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NY Times says only 1/3 of ovarian cancer patients get the best treatment

seatown's picture
Posts: 266
Joined: Sep 2012

Must admit, it’s more than a little unsettling to come across articles like this one, which says only a third of ovarian cancer patients are getting the best treatment.


I was surprised to read some ovarian cancer patients have surgery at the hands of someone who performs only a handful of such surgeries each year. I was encouraged to learn my surgeon does several similar surgeries at least weekly and hundreds yearly, though I never knew there were that many ovarian cancer patients here. I have complete confidence in my medical team, and it appears they bring the best credentials and experience to the game. But every now and then I can’t escape the fleeting thought that maybe there is some other treatment or method out there.

I’ve also had the occasional regret that we don’t live in a city with one of the 21 leading cancer centers of the Natl Comprehensive Cancer Network. I’ve known cancer patients who traveled thousands of miles for treatment at one of these centers. But I think that’s not for me—I’d find the travel and dislocation far too burdensome.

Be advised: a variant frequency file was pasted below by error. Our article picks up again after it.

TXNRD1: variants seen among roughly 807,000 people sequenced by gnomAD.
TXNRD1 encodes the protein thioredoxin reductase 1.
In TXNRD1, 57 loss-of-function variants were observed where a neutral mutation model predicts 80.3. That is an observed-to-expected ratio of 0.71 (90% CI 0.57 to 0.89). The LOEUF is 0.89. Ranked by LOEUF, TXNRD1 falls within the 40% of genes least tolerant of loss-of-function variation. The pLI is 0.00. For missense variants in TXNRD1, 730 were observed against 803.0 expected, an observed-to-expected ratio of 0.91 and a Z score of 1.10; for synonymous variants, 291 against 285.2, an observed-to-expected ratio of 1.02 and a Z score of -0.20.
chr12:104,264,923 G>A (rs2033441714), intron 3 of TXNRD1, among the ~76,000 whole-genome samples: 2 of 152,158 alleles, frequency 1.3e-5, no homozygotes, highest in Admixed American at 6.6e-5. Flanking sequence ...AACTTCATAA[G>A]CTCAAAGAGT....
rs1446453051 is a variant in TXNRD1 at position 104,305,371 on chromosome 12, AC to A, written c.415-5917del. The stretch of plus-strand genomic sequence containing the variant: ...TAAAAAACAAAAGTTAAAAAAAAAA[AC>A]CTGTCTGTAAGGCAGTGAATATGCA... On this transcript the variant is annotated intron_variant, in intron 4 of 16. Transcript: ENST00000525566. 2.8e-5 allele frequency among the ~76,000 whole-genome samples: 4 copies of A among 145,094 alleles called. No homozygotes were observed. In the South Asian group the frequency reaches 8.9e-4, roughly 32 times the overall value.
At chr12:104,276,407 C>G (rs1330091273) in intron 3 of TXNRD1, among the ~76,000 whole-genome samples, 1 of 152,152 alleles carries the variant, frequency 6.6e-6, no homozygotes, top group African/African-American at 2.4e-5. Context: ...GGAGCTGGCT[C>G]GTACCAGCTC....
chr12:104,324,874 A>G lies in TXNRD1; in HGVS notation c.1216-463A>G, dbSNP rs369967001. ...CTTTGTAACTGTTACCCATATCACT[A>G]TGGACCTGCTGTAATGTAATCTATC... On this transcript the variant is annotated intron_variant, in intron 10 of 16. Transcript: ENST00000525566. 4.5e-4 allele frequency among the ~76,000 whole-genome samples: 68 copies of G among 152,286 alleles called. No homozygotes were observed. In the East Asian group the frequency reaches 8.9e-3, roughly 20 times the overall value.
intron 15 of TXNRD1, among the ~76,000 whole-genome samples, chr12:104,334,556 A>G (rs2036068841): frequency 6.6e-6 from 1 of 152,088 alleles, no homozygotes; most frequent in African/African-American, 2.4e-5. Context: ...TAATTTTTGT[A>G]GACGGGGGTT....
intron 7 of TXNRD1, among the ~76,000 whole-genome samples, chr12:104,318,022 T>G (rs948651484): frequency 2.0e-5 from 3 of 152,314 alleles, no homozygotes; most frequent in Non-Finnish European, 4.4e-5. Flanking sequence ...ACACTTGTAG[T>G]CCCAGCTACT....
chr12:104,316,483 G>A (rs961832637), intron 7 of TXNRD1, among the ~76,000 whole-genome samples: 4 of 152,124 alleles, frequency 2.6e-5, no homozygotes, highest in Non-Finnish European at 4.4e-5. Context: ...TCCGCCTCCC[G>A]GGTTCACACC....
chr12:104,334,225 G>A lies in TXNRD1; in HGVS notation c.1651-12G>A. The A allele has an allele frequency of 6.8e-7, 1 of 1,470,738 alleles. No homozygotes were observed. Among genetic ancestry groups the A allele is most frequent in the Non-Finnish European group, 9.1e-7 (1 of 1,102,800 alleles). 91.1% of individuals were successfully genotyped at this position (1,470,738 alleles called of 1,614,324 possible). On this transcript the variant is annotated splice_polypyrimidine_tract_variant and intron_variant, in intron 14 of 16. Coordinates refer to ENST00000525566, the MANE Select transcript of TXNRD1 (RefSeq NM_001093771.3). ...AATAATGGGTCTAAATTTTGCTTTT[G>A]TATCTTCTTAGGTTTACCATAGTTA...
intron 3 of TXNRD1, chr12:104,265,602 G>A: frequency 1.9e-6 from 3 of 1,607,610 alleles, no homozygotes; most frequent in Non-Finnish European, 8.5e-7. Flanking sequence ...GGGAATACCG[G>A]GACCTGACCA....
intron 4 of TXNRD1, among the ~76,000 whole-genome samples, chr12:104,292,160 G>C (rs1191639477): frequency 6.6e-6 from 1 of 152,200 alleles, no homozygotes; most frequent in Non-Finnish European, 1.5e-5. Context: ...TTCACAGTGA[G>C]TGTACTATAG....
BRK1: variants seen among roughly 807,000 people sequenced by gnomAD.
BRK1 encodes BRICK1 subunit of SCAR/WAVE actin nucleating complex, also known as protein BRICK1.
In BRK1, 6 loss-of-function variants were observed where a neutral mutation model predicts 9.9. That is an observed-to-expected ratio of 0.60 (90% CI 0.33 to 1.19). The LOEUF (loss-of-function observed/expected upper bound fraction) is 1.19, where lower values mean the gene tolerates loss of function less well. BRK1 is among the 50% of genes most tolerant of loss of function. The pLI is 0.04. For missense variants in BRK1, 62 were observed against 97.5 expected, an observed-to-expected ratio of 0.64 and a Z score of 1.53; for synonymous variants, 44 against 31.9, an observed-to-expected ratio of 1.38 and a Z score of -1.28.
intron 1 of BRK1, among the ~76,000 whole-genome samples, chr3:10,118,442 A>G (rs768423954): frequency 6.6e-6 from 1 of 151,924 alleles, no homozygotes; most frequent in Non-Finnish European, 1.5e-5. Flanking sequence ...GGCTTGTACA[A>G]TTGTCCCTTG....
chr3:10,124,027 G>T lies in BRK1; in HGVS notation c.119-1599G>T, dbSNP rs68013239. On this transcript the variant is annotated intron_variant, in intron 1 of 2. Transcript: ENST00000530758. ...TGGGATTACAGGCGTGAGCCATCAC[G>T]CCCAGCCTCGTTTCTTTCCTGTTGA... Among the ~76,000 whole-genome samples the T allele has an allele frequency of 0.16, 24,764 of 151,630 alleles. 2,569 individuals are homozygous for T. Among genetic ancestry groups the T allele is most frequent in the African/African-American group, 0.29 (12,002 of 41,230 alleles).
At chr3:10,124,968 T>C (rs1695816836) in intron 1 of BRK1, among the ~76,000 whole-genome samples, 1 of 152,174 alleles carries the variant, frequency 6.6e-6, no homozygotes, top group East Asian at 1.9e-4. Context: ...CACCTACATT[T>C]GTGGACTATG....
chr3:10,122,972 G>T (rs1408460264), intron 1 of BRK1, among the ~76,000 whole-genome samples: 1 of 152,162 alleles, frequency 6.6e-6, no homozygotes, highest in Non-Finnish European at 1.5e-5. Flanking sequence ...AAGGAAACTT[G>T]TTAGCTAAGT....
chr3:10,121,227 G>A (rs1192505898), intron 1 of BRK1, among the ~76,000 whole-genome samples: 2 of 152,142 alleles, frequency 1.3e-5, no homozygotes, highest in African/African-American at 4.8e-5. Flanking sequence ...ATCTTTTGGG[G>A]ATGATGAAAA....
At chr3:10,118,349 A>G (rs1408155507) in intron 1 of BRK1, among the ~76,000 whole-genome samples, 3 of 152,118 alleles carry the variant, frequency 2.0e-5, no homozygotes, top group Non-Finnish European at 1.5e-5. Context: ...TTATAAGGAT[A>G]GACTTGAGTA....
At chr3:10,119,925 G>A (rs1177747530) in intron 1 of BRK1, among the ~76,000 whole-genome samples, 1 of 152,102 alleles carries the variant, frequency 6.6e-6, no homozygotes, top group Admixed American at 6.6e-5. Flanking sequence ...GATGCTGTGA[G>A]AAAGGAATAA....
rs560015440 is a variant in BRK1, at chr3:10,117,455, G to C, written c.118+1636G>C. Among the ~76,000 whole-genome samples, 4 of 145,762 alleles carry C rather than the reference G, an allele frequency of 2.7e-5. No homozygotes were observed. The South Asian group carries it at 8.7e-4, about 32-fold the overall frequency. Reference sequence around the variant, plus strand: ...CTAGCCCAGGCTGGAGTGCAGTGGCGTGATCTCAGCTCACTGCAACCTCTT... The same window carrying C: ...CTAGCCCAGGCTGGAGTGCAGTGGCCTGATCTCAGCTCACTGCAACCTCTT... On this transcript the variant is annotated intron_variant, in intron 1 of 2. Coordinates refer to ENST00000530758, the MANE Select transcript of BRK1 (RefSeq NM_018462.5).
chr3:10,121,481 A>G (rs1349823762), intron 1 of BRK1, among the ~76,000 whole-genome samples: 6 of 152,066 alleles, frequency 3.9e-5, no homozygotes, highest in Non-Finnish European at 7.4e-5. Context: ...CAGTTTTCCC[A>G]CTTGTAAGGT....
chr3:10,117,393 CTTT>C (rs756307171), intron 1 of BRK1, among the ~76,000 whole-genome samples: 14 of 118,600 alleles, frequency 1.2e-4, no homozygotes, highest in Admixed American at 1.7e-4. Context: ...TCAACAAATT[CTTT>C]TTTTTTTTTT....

The NCCN guidelines (see theTimes story) for ovarian cancer treatment explain that these protocols are also the best treatment for my much rarer primary peritoneal cancer. I’ve pored over NCCN’s 92 pages of ovarian cancer patient guidelines and satisfied myself that my treatment has been exactly what’s  specified, so I guess I need to stop worrying and just be glad I’m apparently not in the two-thirds of ovarian cancer patients who don’t get the best treatment. Still, I’ll think for a long time about the fact that the NY Times thought it important enough to editorialize on the subject of inadequate treatment of ovarian cancer.



wholfmeister's picture
Posts: 314
Joined: Dec 2012

Thanks for sharing these news articles.  The facts presented are sobering. 

Our family doctor is a nice enough guy.  I liked him because he took care of whatever the issue was, suggested the usual recommended tests as we get older, but he never insisted on anything, which was fine with me.  I was pretty darn healthy and only went to him once a year to get a prescription renewal.  I didn't think he was the smartest, or the best, but he met my needs to my satisfaction. 

But when I started having severe pelvic pain, he systematically ordered a colonoscopy (all clear) and then a CT scan.  As soon as he saw the CT results, he got me an appointment right away with a leading gyn-onc.  What a stroke of genius!  As near as I can tell, my cancer care has met every standard of excellence.  Last time I was in to see the family doctor (to get the annual prescription renewal) I thanked him for that life-saving referral to the absolute best gyn-onc.  You know what he said?! "I read a lot."  So, I'm grateful he read the right article to get me to the best cancer care.

It is very sad that many women are so overwhelmed they just blindly go non-gyn/onc surgeons because they don't know any better, and no one tells them.

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